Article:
So fix here is a bit similar than with buckets:
- Education: Know what you’re doing. If you feel even a bit unsure, start by watching a few good videos on the topics. Read AWS Well-Architected pdf. Know the concepts and principles.
- Main principle is to consider POLP and Blast radius, applying it to networks. Don’t expose more than you need to, try to treat every piece like it could explode. Consider what can be reached from that point, if it is compromised.
- Tools would be primarily security groups: You can define rules and access between them, without needing to declare specific IP ranges. For more exotic needs, access control lists may also possibly be used, for a bit more fine-grained control. Typically good to start with security groups, and see what you can do with them, first.
- Subnet design is also a good tool. We have the concept of public subnets, with a route to/from Internet, and private subnets, with no direct route to/from the public internet, only through public subnets, or public services. We also have tools like NAT Gateways, to support connection from inside out, but not from outside in, and of course, actual firewalls when needed.
- In more complex cases, might make sense to also define separate Virtual Private Clouds (VPC), which have defined interfaces between them, especially if some require direct connect or VPN connections to the on-prem network
So, if you love your services, and would like to keep them around, please consider the blast radius. Make sure you’re not vulnerable, paying special attention to any point that is connected to the public internet. This also includes publically available services that are not within any VPC. This would also be a great area to have some documentation, draw some pictures, so it can be discussed, audited, explained.
And by the way, if you define the networks as code (IaC), it’s easier and cheaper to reuse good patterns and avoid bad ones.
Antipattern #6: Multiple applications and teams sharing the same account
I’ve seen this antipattern a few times. Here are the symptoms:
- The same AWS account is used to serve multiple services. Which is not yet bad.
- But those services are built and maintained by multiple different teams, who all then have access to the same environment
- And previous problems with policy permission scopes, blast radiuses
- Also: the lifecycle phases of those services get confused. One team is running production workloads, another is doing a crazy POC and opening services and ports for the whole wide world, while still sharing the same VPC (in the worst case)
- Mixed responsibility: This is our team’s code, this isn’t, etc
- Mixed needs: One team needs public buckets and uses them for websites, the other team is supposed to have no open APIs or exposure to the outside world. The data they handle might have different sensitivity levels.
This is typically caused by some cost/time/bureaucracy/ownership related problems related to opening new AWS accounts. If it costs €300 a month per new account, or if it takes weeks to resolve a ticket, it’s not encouraging creating them, especially for small purposes. Also, when people ask who should receive bills, it might be realized that there is no owner to be found to pay them. These are excellent indicators that we’re trying to cram more waste inside a working environment. We are starting to organically grow a garden of evil.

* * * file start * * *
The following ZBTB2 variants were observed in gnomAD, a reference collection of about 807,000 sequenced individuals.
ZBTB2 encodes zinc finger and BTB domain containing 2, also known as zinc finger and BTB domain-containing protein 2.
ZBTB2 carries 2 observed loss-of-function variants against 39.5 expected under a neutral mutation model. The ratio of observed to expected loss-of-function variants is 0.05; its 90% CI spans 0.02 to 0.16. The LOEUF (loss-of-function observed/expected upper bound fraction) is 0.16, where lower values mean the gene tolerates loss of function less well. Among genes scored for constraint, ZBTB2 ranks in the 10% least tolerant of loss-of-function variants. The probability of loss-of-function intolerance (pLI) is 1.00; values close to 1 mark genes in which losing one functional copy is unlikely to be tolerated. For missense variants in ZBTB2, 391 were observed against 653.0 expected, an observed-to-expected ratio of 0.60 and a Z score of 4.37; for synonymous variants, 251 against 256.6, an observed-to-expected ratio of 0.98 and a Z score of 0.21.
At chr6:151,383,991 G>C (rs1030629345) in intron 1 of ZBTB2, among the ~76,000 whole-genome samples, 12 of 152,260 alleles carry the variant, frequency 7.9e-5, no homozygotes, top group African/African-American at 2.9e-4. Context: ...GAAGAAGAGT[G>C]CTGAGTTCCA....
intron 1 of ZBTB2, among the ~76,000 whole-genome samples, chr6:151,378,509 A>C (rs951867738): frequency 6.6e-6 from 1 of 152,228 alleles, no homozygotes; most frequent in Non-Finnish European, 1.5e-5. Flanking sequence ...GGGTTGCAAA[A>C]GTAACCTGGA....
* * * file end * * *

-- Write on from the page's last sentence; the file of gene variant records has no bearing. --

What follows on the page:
While it IS possible to use things like taggings to separate resources, just be very disciplined and careful, and share the same account, the easiest path is to treat the AWS accounts as natural blast radiuses, and not put too much inside one. When there’s a good enough prospect for a service with some ROI, it should be possible to find the owner/sponsor (who is paying the bills) and create those accounts. Use accounts to separate lifecycle phases like dev, test, production, and any others you need. You can use AWS Organizations to group the accounts and have some governance over all of them.
For wilder experimentations or ad-hoc POCs, you can try to build a different capability: Either have a shared sandbox environment, in which anything goes, and it is nuked entirely regularly, to keep it clean and not hit any region limits. Or create a capability to create throwaway accounts easily, cheaply, rapidly, use them for a bit, then throw them away. Be mindful of not allowing anyone to run any production loads in a sandbox: Regular nuking, deleting anything in the account, helps with that too.
Antipattern #7: Billing creep
Here is the lifecycle of typical cloud migration. First people are protective of their beautiful handcrafted on-premises setups, where they have built a lot of controls and governance over the years. Then they hear the seductive whisper of a cloud platform, offering potentially limitless scalability and cost-effectiveness. Then they are a bit suspicious on how things could be migrated, or if new things are being built, how secure could that be, being in a public cloud. Then they find the courage or other incentives to make the first leap. And eventually, they fall in love. They realize that cloud services are typically much better maintained by much bigger workforces than any they have used before. Real cloud services typically don’t have any offline maintenance breaks, and while that scalability is not always limitless, or effortless, it’s still there and it’s incredible.